Our favorite hacker group of questionable motivations, Anonymous, has set its sights on its next target: Syrian president Bashar Assad. Late on Sunday night, Anonymous gained access to 78 different e-mail accounts at the Syrian Ministry of Presidential Affairs, including that of the Minister of Presidential Affairs, Mansour Fadlallah Azzam, and Assad's media adviser, Bouthaina Shaaban.
The Israeli news organization Haaretz was able to obtain some of the e-mails, and posted them online for all to read.
Sadly, it's clear that no one bothered to give Assad's office a lesson in basic computer security, because several of the accounts apparently had the password 12345. C'mon, guys, your password should never be sequential or easy to guess! We learned not to do that in the fifth grade!More »
As we reported yesterday, Silvio Berlusconi resigned as Italy's prime minister. News outlets around the world clamored to give their own unique, measured perspective on his exit. More specifically, they all got to finally use that "Bye Bye, Bunga Bunga" headline they had been sitting on for years. After the jump, a collection of outlets that used that headline, or a variant thereof.
World politics is about to lose a pioneer in the field of bunga bungas. Silvio Berlusconi, Italy's controversial prime minister, is set to step down this evening after Italian Parliament approved of a series of austerity measures. The New York Times reports Berlusconi is following the lead of Prime Minister George A. Papandreou of Greece, who bowed to pressure and "resigned last week to make way for a technocrat-led unity government." This news is sure to upset Silvio Berlusconi, as Silvio Berlusconi is Silvio Berlusconi's greatest supporter and fan.
Federal prosecutors in Manhattan have charged two men with conspiracy to assassinate Adel Al-Jubeir, the Saudi Arabian ambassador to the United States, in what they allege is an Iranian government-backed plot.
The U.S. Department of Justice charged Manssor Arbabsiar and Gholam Shakuri with conspiracy to murder a foreign official and for attempting to commit an act of international terrorism. The two men were also charged in a federal complaint with conspiring to use a weapon of mass destruction.More »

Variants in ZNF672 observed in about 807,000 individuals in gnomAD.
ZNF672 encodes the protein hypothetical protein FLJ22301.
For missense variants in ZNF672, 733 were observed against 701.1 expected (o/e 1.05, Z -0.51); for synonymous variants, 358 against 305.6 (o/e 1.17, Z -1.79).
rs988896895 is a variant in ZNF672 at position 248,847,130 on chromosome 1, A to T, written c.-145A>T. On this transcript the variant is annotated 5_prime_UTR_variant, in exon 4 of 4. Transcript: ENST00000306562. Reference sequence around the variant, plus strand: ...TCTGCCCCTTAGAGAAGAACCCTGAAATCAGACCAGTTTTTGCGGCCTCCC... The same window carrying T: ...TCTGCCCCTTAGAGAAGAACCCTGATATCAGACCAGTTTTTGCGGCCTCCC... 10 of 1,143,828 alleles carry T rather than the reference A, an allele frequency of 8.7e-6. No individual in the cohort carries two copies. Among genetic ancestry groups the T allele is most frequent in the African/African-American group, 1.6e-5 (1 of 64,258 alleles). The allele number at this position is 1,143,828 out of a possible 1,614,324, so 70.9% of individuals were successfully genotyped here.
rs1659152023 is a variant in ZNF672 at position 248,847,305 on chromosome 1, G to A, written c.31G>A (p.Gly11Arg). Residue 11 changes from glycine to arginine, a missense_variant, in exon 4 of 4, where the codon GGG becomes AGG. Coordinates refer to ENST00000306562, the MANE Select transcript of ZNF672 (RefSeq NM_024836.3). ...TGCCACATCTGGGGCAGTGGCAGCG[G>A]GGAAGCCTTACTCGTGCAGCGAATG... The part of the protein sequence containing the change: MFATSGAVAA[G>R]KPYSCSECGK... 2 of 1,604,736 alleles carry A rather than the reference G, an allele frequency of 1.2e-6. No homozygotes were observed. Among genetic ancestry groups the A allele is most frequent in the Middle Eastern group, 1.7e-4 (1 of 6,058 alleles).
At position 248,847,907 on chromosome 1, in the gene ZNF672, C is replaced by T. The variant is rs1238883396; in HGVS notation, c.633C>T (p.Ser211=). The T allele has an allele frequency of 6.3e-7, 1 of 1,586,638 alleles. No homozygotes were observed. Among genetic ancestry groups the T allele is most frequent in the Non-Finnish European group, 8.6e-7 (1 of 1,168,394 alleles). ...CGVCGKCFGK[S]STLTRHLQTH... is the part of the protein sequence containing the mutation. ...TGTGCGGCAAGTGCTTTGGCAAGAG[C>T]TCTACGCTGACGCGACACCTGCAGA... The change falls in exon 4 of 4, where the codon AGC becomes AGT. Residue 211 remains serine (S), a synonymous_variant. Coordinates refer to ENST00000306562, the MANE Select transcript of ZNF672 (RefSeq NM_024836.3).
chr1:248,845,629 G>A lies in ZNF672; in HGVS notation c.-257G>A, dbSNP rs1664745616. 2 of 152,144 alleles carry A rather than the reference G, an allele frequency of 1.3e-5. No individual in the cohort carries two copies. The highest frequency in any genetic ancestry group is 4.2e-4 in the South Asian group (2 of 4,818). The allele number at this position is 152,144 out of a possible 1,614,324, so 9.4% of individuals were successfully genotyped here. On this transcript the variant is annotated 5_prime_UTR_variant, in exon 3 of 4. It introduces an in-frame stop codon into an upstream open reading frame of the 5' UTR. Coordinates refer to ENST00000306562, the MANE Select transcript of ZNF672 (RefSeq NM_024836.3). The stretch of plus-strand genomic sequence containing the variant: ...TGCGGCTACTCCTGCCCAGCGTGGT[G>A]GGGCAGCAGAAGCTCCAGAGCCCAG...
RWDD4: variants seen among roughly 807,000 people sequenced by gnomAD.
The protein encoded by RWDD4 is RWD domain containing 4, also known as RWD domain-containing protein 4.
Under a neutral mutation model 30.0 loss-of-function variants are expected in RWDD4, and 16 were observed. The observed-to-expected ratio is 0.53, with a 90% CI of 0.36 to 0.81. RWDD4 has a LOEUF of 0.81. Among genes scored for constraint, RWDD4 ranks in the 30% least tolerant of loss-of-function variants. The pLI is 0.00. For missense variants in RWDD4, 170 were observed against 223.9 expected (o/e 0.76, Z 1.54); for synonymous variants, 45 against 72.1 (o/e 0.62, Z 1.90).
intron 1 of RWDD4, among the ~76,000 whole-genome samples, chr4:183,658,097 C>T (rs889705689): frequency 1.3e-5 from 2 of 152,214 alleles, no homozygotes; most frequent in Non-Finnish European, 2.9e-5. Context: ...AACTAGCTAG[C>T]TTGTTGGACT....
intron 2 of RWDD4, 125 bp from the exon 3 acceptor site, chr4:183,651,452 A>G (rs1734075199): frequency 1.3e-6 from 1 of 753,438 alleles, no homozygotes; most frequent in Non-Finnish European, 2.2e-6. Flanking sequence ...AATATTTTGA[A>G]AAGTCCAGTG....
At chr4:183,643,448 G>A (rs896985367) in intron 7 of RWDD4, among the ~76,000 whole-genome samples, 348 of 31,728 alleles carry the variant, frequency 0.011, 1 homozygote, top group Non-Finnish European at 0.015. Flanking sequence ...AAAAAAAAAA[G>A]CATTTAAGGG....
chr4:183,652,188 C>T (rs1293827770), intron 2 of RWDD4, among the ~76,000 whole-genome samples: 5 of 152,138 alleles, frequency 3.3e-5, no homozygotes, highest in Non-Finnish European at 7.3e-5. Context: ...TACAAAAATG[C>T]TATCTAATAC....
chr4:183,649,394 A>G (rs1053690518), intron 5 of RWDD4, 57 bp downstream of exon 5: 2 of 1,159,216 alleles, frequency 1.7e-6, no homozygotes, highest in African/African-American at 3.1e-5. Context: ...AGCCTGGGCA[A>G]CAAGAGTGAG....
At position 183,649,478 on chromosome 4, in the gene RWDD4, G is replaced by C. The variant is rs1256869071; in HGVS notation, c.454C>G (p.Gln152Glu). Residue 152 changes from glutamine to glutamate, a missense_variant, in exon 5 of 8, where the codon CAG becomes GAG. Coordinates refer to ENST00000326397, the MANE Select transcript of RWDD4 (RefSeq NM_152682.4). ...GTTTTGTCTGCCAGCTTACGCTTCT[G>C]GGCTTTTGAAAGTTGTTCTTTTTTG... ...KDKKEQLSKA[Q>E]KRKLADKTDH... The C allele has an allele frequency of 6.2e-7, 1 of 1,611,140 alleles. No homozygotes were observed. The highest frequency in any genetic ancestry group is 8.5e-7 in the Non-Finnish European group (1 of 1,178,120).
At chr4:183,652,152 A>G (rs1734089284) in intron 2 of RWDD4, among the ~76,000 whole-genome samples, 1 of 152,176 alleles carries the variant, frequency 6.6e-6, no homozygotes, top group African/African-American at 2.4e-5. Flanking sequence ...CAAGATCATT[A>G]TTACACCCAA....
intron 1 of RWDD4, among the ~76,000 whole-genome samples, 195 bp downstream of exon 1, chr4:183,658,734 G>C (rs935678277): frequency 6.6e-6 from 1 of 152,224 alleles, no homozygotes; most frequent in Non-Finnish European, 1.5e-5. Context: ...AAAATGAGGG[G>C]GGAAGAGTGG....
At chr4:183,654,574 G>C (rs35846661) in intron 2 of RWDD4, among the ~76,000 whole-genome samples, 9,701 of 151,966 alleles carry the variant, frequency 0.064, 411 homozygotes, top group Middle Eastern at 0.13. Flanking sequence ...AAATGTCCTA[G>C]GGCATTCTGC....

Last night, as fighting raged in Tripoli and Muammar Gaddafi's son Mohammed was captured live on television by rebel forces, Twitter was abuzz with talk of who was -- and who was not -- covering the news in Libya -- and who was doing it best. There was a newcomer in the midst.
Earlier this month, Al Jazeera English launched its television presence in the New York area, becoming available to approximately two million cable subscribers in New York City, Long Island, Westchester, and New Jersey via WRNN's RISE, which is channel 92 on Time Warner Cable. (AJE will also be available via Verizon FiOS, Channel 466.) And last night, Channel 92 was what a lot of New Yorkers seemed to be watching. But while perceptions of the news organization have certainly shifted since 9/11, its management is still working to convince distributors that there is an interest for international news in America, and to debunk remaining stereotypes.
We spoke with Amjad Atallah, bureau chief for the Americas and former co-director of the Middle East Task Force at the New America Foundation, who's stationed in D.C., about AJE's recent Libya coverage, the challenges they face, and how he hopes to impact journalism in the U.S.More »
• Last night marked a fourth night of violence in the U.K., particularly in the northern part of the country, including Birmingham, Manchester, Liverpool, Woverhampton, West Bromwich, and Nottingham. Nearly 700 people have been arrested in London in the past four days, and at least 111 police officers have been injured. Ballistic tests have found that Mark Duggan, suspected gang member, who was shot by police -- sparking, initially, the protests that became riots -- didn't fire at the police before he was killed. He was found to have been carrying a weapon. In the midst of all that, there are some uplifting cleanup stories. [The Daily]
Via Reddit, here's an example of What Not to Do times two: Don't loot. And don't take to social media afterward to brag or make jokes about it. The woman (or person pretending to be this woman, because it's so grotesque it may well be a hoax or troll account) who tweeted the following has since cancelled her account. The Twitterverse has tracked down her former alias, @itsBARBZbabes.More »
• Riots and looting in the UK continued last night, spreading in intensity and span, affecting not just London but areas in locations including Birmingham, Liverpool, Nottingham, and Bristol. Prime Minister David Cameron, who returned home from vacation in Tuscany, has pledged that 10,000 extra police officers will be put on the streets (making that number 16,000), and that Parliament will have an emergency session. Shops, cars, and buildings were set on fire, and there were said to be "hundreds of arrests." A 26-year-old man was shot and killed in Croyden, the first known fatality since the riots began on Saturday. Countering back, some citizens have been cleaning up debris today (here's a great photo of two offering tea to the officers protecting their street). The Telegraph has live coverage of the riots. [NYT, Telegraph]